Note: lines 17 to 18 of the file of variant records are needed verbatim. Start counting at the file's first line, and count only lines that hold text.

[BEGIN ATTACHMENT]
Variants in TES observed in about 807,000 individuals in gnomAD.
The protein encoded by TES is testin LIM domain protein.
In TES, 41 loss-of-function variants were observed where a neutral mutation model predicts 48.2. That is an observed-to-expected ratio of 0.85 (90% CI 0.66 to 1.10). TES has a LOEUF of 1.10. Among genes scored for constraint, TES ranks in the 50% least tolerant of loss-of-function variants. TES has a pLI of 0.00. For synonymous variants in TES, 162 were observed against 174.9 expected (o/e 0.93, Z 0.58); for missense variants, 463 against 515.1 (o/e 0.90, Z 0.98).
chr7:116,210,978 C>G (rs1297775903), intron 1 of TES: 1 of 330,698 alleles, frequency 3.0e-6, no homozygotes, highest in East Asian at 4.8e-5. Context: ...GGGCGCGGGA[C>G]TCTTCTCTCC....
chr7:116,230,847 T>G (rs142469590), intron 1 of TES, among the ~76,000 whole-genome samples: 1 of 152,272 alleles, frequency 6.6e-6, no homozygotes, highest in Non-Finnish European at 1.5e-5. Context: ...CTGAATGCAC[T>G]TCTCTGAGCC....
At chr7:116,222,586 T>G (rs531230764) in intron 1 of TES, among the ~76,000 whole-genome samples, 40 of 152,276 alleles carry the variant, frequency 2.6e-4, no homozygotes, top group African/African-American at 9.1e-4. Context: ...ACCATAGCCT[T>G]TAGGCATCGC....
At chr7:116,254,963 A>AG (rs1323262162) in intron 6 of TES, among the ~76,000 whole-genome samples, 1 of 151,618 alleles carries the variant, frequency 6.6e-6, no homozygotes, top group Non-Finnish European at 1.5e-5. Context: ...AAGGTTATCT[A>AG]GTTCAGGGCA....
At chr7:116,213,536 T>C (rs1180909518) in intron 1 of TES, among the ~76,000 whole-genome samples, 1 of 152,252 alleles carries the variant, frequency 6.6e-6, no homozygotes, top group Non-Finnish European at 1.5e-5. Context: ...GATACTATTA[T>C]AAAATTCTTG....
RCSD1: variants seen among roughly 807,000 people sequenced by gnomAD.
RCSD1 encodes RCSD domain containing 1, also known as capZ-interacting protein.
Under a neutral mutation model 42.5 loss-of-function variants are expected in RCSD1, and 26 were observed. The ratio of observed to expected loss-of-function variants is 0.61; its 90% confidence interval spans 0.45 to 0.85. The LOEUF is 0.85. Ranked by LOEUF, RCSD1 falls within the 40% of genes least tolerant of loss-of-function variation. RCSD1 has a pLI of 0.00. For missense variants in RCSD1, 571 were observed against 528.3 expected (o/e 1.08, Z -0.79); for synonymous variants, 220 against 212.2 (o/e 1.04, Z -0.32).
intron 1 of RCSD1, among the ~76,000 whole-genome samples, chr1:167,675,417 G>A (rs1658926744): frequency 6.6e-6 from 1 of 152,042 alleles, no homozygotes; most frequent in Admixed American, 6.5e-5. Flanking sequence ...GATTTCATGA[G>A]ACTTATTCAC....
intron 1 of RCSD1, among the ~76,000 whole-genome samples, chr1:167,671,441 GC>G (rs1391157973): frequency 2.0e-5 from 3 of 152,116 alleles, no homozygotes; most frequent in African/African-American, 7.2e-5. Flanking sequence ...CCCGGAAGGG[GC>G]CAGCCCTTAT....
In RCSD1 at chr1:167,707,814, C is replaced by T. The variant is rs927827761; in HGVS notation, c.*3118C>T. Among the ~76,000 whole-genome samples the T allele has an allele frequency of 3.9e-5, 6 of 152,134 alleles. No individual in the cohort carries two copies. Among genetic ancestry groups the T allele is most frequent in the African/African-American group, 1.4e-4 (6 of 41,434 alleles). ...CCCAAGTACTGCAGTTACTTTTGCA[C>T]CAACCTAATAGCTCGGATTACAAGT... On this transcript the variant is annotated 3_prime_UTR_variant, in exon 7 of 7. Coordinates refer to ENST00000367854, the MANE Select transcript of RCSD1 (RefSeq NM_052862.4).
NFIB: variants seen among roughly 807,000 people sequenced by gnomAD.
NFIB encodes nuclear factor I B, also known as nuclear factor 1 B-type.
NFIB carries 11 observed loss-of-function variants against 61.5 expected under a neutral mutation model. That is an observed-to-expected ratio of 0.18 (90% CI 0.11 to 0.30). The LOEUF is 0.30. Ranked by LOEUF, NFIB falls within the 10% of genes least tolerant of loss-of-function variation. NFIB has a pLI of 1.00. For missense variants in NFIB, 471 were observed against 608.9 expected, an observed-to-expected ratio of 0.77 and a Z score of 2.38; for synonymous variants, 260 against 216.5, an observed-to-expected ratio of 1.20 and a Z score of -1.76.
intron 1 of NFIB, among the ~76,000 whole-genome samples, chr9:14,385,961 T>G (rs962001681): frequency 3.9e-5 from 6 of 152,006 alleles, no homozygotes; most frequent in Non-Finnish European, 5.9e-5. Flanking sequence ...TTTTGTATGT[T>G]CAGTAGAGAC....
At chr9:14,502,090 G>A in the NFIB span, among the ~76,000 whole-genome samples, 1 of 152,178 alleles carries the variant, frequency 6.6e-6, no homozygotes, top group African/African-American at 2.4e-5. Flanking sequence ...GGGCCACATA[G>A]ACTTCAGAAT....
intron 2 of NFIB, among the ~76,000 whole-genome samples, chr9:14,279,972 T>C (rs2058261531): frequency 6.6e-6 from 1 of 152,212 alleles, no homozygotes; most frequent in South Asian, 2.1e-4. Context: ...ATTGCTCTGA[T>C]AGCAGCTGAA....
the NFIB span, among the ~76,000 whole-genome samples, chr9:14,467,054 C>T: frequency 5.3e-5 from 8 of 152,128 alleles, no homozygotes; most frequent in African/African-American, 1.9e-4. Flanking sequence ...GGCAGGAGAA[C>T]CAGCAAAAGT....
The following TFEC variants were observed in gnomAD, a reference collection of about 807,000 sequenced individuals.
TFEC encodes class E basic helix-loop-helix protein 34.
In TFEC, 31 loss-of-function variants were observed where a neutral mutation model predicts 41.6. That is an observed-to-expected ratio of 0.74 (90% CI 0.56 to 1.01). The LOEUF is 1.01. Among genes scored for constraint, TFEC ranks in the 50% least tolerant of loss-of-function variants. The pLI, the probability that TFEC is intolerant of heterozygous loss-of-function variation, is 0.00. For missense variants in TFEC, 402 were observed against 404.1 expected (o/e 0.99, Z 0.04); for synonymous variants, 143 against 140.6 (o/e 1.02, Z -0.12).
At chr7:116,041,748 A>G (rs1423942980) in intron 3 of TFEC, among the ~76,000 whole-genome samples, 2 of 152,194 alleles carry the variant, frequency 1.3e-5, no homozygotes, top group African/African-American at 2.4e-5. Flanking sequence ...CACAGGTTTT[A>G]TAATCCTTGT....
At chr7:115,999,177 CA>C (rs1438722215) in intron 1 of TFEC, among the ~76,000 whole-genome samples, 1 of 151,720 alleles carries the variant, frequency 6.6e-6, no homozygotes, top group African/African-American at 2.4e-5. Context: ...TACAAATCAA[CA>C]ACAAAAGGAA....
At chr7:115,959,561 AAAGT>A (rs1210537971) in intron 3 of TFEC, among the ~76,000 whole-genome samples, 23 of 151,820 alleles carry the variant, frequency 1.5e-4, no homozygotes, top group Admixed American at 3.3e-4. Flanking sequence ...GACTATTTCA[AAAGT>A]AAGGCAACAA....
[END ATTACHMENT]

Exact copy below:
NFIB carries 11 observed loss-of-function variants against 61.5 expected under a neutral mutation model. That is an observed-to-expected ratio of 0.18 (90% CI 0.11 to 0.30). The LOEUF is 0.30. Ranked by LOEUF, NFIB falls within the 10% of genes least tolerant of loss-of-function variation. NFIB has a pLI of 1.00. For missense variants in NFIB, 471 were observed against 608.9 expected, an observed-to-expected ratio of 0.77 and a Z score of 2.38; for synonymous variants, 260 against 216.5, an observed-to-expected ratio of 1.20 and a Z score of -1.76.
intron 1 of NFIB, among the ~76,000 whole-genome samples, chr9:14,385,961 T>G (rs962001681): frequency 3.9e-5 from 6 of 152,006 alleles, no homozygotes; most frequent in Non-Finnish European, 5.9e-5. Flanking sequence ...TTTTGTATGT[T>G]CAGTAGAGAC....